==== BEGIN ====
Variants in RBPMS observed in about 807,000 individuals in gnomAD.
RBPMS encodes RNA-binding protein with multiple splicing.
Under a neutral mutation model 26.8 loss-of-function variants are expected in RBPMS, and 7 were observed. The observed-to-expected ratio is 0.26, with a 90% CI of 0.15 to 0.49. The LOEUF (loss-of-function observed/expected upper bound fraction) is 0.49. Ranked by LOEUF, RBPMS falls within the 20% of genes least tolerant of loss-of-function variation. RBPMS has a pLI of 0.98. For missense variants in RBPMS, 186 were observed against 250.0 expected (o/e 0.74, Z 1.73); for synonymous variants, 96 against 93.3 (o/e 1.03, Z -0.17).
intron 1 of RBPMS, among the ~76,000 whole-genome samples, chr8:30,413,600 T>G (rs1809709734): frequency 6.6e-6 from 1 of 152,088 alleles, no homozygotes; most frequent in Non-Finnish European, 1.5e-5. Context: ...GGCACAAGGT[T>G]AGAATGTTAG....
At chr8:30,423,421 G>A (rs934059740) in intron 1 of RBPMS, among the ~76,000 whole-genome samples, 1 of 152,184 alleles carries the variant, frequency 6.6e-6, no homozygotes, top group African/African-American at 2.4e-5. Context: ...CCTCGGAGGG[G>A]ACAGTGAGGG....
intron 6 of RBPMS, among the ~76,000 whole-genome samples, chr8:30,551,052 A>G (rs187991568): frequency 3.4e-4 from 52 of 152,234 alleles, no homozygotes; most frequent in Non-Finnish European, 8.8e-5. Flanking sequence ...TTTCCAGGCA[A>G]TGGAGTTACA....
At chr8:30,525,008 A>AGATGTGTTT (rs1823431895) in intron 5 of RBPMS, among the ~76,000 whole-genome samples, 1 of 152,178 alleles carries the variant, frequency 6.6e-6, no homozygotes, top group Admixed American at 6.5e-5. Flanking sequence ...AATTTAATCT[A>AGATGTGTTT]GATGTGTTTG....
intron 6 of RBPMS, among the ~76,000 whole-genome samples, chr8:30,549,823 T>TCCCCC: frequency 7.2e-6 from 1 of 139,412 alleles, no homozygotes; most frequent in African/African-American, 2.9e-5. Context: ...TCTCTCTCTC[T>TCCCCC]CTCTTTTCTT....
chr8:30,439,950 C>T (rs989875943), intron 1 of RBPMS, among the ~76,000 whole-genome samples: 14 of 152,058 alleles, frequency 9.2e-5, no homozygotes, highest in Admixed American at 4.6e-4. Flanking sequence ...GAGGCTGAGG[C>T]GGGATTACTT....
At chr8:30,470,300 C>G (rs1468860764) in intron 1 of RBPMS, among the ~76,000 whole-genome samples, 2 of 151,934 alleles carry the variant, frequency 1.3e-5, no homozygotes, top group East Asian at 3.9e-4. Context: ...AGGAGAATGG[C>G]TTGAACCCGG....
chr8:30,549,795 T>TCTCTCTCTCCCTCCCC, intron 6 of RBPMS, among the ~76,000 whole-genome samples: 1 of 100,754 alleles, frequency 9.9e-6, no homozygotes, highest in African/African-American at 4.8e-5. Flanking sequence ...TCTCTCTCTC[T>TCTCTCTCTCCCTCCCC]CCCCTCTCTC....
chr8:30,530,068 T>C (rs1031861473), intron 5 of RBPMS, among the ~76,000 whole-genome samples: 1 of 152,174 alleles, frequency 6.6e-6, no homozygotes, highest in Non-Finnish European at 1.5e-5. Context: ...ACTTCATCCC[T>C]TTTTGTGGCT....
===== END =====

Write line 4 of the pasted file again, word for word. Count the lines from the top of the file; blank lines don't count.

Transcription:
intron 1 of RBPMS, among the ~76,000 whole-genome samples, chr8:30,413,600 T>G (rs1809709734): frequency 6.6e-6 from 1 of 152,088 alleles, no homozygotes; most frequent in Non-Finnish European, 1.5e-5. Context: ...GGCACAAGGT[T>G]AGAATGTTAG....